1. Make learning relevant. All learners want to know WHY they are learning something, especially older students who are new to the country and may have limited time left in public schools before they “age out.” Making sure students see the value of what they are doing beyond the four walls of the classroom is key. Project-based learning can be quite helpful in this area. Creating awareness campaigns, solving community problems, or starting a small business brings instant relevance to the classroom—and it also provides ELs an opportunity to showcase unique skills they have to offer the community like cultural competence and multilingualism. For example, consider building websites for newcomer families to introduce them to local resources like child care, grocery stores, and public agencies that would be particularly helpful to various cultural groups because of languages spoken and services offered.

  1. Be mindful of the linguistic demands of activities. The more proficient students are, the more able they are to successfully engage in a language-based activity. However, newcomer and SIFE (Students With Interrupted Formal Education) students should be allowed to use other modes of communication such as music, collage, sketches, drawings, films, drama, etc. One instructional strategy that has been effective with ELs is Sketch-to-Stretch (Harste, Short, & Burke, (1988). The strategy asks students to draw a sketch symbolizing what a story means to them. These sketches are shared via the Save the Last Word for the Artist (Harste, Short & Burke, 1988, 1995) strategy where each artist holds up his/her picture while classmates take turns guessing what the artist tried to depict. At the end, the artists gets the last word and either confirms or refutes guesses. When implementing the Sketch-to-Stretch strategy in the classroom, it is important to remember that it is different from asking students to draw their favorite part of the story, which asks for representation, while Sketch-to-Stretch involves metaphorical thinking that promotes a deeper level of engagement.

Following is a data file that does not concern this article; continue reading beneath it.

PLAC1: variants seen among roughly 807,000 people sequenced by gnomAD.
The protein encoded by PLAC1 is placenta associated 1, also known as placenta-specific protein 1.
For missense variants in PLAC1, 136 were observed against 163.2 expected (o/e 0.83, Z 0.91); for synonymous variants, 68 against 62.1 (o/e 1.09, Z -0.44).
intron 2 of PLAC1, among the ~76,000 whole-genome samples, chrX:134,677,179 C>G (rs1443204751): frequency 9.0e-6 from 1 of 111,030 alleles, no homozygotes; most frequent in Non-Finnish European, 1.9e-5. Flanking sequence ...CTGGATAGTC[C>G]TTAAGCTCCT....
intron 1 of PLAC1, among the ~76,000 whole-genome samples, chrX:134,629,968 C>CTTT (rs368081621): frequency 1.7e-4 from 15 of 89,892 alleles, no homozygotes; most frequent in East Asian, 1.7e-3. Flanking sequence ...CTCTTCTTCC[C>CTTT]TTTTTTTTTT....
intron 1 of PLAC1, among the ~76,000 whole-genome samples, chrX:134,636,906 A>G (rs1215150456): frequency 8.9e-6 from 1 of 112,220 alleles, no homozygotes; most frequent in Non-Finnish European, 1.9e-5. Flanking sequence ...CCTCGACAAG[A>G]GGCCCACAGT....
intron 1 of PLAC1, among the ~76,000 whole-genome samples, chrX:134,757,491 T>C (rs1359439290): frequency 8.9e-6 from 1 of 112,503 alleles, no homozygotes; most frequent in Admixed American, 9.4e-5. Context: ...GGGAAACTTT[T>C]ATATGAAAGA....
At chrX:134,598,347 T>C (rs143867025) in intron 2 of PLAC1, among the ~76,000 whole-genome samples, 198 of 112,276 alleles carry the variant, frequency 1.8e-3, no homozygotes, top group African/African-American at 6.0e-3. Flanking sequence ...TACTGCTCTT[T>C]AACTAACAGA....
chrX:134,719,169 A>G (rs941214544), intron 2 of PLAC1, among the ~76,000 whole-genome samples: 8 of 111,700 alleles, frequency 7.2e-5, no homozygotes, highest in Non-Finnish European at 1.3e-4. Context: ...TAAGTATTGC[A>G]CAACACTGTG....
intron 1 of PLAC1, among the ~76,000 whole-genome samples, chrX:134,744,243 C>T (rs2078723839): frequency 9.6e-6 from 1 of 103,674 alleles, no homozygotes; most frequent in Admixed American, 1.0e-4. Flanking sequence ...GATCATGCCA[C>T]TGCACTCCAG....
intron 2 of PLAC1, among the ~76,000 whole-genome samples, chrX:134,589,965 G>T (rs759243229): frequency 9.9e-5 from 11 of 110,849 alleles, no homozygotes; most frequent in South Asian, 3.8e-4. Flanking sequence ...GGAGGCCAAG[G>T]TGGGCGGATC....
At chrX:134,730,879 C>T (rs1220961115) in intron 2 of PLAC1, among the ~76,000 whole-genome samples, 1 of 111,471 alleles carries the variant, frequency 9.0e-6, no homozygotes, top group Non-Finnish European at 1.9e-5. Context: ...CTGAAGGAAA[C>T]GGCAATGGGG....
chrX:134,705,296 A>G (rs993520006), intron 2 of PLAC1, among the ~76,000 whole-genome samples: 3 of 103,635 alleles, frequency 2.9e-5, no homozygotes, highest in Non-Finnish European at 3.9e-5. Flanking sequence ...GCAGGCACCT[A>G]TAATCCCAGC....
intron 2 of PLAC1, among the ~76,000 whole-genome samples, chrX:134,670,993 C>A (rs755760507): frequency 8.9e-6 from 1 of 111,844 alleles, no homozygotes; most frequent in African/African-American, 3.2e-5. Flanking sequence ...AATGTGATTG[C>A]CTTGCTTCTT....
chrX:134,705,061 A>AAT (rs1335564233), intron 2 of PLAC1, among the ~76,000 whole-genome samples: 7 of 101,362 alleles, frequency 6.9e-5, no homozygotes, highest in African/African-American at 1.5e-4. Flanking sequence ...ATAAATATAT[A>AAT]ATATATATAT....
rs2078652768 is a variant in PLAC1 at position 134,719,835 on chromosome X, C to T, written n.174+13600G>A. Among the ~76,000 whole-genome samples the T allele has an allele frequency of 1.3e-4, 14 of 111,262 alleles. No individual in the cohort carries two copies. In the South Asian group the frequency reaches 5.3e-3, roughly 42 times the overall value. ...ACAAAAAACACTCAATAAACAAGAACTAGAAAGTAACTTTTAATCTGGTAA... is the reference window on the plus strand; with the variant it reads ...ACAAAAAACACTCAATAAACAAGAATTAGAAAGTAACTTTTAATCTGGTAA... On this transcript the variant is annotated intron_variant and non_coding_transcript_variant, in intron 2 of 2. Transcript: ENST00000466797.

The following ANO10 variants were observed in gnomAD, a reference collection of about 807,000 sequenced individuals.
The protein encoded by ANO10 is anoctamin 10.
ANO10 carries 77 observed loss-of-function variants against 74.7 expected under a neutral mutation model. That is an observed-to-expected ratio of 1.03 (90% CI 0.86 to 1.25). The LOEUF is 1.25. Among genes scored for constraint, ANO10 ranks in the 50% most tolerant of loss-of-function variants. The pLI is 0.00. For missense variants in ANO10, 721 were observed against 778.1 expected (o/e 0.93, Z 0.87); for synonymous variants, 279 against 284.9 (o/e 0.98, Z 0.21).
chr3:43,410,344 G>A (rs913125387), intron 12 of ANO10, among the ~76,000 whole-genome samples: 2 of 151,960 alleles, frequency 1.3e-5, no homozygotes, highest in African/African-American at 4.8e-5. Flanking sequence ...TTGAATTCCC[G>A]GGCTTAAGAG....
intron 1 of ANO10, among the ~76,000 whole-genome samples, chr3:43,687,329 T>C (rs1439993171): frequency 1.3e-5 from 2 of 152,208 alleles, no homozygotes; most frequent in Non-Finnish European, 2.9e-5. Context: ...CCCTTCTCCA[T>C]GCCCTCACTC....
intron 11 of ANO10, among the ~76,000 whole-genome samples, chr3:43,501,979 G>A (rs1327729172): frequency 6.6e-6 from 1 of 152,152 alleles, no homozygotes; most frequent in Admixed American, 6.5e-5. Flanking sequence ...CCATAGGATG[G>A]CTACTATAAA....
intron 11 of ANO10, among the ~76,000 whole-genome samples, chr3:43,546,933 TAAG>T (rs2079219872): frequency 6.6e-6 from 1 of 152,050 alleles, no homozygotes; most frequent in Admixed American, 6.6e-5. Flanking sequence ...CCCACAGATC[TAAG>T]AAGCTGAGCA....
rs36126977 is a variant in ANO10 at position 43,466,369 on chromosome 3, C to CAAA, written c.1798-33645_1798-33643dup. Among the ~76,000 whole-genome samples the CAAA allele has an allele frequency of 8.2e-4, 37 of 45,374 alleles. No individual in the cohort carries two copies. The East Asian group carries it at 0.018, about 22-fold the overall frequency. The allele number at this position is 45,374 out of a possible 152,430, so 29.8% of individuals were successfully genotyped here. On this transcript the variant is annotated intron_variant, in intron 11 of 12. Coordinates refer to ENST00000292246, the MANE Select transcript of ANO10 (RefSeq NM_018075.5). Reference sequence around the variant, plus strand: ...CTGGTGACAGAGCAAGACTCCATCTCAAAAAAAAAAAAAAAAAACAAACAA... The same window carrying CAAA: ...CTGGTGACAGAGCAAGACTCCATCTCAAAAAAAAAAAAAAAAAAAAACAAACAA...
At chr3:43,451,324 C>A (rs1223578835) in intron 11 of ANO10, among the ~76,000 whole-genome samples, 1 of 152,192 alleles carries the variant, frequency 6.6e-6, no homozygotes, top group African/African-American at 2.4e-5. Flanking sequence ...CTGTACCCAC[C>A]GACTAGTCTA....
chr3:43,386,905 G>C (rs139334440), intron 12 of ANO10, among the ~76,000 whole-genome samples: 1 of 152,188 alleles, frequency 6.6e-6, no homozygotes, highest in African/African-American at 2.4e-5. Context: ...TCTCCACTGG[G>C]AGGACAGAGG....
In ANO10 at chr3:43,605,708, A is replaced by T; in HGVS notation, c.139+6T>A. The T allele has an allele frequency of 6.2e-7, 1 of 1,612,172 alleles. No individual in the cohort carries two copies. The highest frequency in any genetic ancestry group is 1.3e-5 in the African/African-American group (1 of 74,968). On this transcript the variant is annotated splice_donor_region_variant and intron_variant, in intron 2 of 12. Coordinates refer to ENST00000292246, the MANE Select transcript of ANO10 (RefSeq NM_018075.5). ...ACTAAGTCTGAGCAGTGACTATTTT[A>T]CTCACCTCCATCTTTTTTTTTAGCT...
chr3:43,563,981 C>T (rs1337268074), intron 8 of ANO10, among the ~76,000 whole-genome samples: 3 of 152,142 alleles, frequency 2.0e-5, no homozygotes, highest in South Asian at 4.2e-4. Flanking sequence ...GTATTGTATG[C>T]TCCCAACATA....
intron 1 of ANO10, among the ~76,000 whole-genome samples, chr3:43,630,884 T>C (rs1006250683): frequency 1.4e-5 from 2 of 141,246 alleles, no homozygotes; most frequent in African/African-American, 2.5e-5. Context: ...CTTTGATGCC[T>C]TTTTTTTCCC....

1. Support students in becoming independent and self-driven learners. When English-learners take control over their learning, they are engaged and empowered. In his book The Innovator’s Mindset, George Couros explains: “Engagement is a good thing, but I’ve since learned that we must also empower students and equip them with the skills to learn. It is imperative that we teach learners how to be self-directed and guide their own learning, rather than rely on others to simply engage them.”

Introducing students to tools they can use independently can engage and empower students. ELs need to know about Khan Academy, a free online platform that offers video tutorials on math, science, and other subjects in 28 different languages. ELs in Title I schools are also eligible for Open eBooks, a library of popular and high-interest free e-books available from First Book Marketplace. Teachers can visit the site and get access codes, which allow students to download up to 10 books at a time to their phones or other devices. By arming students with access to high-quality tutorials on various subjects and a library of engaging books, teachers are able to empower their learners to make choices about their own learning.


Berghoff, B., Egawa, K., Harste, J., & Hoonan, B. (2000). Beyond reading and writing inquiry, curriculum, and multiple ways of knowing. Urbana, IL: National Council of Teachers of English.

Couros, G. (2015). The innovator’s mindset: Empower learning, unleash talent, and lead a culture of creativity. Dave Burgess Consulting.

Response From Cindy Garcia

Cindy Garcia has been a bilingual educator for 14 years and is currently the district instructional specialist for P-6 bilingual/ESL mathematics in the Pasadena Independent school district (Texas). She is active onTwitter @CindyGarciaTX and on her blog www.TeachingElementaryELs.weebly.com:

Student engagement means that students take an active role in their own learning. Student engagement does not mean students are continuously working, complying with instructions, and completing their work. For students to be engaged, they must understand the purpose for learning, want to learn, and are putting forth the effort to learn.

One way to promote student engagement is by providing multiple opportunities for students to speak with the teacher and with their peers. Students need to know that what they have to say is valuable and that they can learn from what others have to say as well. The speaking experiences that students have should vary. Students can participate in group conversations with specific roles, share aloud to a group, talk to a partner, or talk to all of their classmates in structures such as inside-outside circle.